While your voice is quite iconic, your Powderfinger material and your solo material are quite different sonically – do you enter a different headspace or draw on different inspirations when adjusting to different projects?

Yeah, for sure. Powderfinger leaned more towards being a songwriting collective, so even if one of us came in with a song, it would be worked on by everybody and everyone had little bits of input whereas when I do my own stuff it’s really just me bossing everyone else around telling them what to do. So there’s that limitation, that it’s one set of ideas as opposed to four or five. Part of the reason that I wanted to make my own records was because I wanted to do other things, I wanted to make music that was a little bit gentler than what Powderfinger had been doing. I’d always written songs on acoustic guitar and pianos anyway, so that was just and extension of that really.

How excited are you for this massive tour finishing in Mackay for Legends on the Lawn?

Yeah, it’s massive, isn’t it? I’m really excited. The closer it gets, the more anxious I’ll probably become about the amount of shows there are and how much travel there is but it’s just so great to be able to go back on the road and do a really extensive tour. I haven’t done a tour like this since Powderfinger was around so it’s going to be great. And we’re going everywhere or within driving distance of almost everywhere, so it’s going to be really fun. I’ve never done a tour like this where none of the big six cities are on the itinerary so it’s going to be pretty different. The line-up’s phenomenal. It’s a pretty “iconic” line-up I guess you would say, having Paul (Kelly) at the top of it, especially. It’s really exciting, I’m really pumped about it.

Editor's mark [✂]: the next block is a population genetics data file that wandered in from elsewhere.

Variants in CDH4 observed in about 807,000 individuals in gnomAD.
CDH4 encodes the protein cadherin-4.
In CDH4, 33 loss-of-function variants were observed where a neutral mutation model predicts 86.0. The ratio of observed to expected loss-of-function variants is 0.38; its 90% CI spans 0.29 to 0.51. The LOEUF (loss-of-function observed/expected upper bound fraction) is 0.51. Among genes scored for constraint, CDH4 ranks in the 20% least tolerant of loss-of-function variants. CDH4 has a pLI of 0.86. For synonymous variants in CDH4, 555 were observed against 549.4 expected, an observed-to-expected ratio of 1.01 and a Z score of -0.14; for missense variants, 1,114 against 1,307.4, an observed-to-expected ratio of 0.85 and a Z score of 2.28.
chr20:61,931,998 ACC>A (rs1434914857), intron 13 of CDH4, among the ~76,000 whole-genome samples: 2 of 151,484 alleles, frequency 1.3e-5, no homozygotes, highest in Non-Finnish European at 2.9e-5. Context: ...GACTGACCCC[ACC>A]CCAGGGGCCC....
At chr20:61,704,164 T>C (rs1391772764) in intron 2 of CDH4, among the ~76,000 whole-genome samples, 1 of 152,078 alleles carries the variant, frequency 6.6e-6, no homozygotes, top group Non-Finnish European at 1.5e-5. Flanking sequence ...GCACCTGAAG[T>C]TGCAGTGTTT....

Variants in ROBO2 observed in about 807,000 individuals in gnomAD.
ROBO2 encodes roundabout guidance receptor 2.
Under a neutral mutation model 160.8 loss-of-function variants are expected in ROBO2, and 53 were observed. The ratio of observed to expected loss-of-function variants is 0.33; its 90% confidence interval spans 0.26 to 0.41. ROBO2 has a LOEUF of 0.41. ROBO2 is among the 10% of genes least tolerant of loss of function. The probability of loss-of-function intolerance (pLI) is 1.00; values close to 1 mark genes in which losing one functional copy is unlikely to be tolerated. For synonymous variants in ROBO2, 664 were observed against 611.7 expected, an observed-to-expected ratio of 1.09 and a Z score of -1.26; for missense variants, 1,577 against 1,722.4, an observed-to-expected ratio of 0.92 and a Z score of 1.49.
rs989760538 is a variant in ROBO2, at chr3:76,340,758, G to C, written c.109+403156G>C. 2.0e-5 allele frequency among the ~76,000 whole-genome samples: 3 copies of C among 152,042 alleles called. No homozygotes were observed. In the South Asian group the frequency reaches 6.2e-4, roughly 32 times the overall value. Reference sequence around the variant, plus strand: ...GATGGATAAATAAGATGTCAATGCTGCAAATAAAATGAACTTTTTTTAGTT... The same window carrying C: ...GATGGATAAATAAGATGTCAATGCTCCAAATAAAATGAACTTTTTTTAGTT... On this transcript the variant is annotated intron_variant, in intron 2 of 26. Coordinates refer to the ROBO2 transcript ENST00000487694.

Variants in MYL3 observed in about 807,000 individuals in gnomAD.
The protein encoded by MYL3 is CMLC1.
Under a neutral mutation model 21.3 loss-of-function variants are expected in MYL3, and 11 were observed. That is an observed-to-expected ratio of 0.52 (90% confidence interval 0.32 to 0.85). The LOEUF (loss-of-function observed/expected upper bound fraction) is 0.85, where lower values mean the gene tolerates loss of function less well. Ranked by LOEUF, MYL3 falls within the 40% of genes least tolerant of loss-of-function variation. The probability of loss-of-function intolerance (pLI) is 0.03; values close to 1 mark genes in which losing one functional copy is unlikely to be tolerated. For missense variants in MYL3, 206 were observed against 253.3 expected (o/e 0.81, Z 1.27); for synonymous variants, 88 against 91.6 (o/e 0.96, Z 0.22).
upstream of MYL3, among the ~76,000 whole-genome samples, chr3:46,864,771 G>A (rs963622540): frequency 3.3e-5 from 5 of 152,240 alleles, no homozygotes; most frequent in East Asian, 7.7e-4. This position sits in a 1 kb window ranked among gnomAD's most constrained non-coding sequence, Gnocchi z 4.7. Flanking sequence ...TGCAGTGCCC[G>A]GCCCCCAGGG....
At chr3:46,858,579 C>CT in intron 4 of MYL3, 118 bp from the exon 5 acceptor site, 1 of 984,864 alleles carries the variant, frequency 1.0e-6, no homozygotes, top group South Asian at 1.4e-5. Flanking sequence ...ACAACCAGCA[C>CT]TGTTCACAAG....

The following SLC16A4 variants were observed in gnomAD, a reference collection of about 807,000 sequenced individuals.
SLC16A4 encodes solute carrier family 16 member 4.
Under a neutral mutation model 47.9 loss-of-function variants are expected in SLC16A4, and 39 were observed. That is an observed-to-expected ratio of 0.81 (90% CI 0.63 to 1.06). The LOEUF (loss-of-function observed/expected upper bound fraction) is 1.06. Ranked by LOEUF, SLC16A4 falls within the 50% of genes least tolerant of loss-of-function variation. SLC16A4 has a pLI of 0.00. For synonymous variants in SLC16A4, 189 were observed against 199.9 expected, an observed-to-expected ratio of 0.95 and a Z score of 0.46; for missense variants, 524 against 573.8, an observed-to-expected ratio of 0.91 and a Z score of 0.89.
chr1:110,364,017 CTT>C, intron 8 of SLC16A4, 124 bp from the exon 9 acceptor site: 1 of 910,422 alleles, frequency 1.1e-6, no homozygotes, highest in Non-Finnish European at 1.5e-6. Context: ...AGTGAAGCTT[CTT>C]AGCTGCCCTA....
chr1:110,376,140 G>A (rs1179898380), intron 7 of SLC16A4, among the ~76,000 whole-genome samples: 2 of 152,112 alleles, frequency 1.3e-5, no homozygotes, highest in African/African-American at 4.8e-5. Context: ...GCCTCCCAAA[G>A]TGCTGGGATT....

And what can the Mackay crowd expect from your Legends on the Lawn set?

A bit of everything. A little bit of older material, some more recent stuff, possibly a new song or two. We won’t finalise exactly what we’re doing yet, we’ve got some rehearsals to do in January but we’ve got a fair idea. People can generally expect to hear what they’d like to hear. Not a huge amount of surprises but there’ll be some. A big part of that is trying to put on a show. After people have seen songwriters of that quality all day, you have to do something special to make it good.

WHAT: Legends On The Lawn 2023

WHERE: Harrup Park

WHEN: Saturday, May 20, 2023

TICKETS: On sale now via Ticketmaster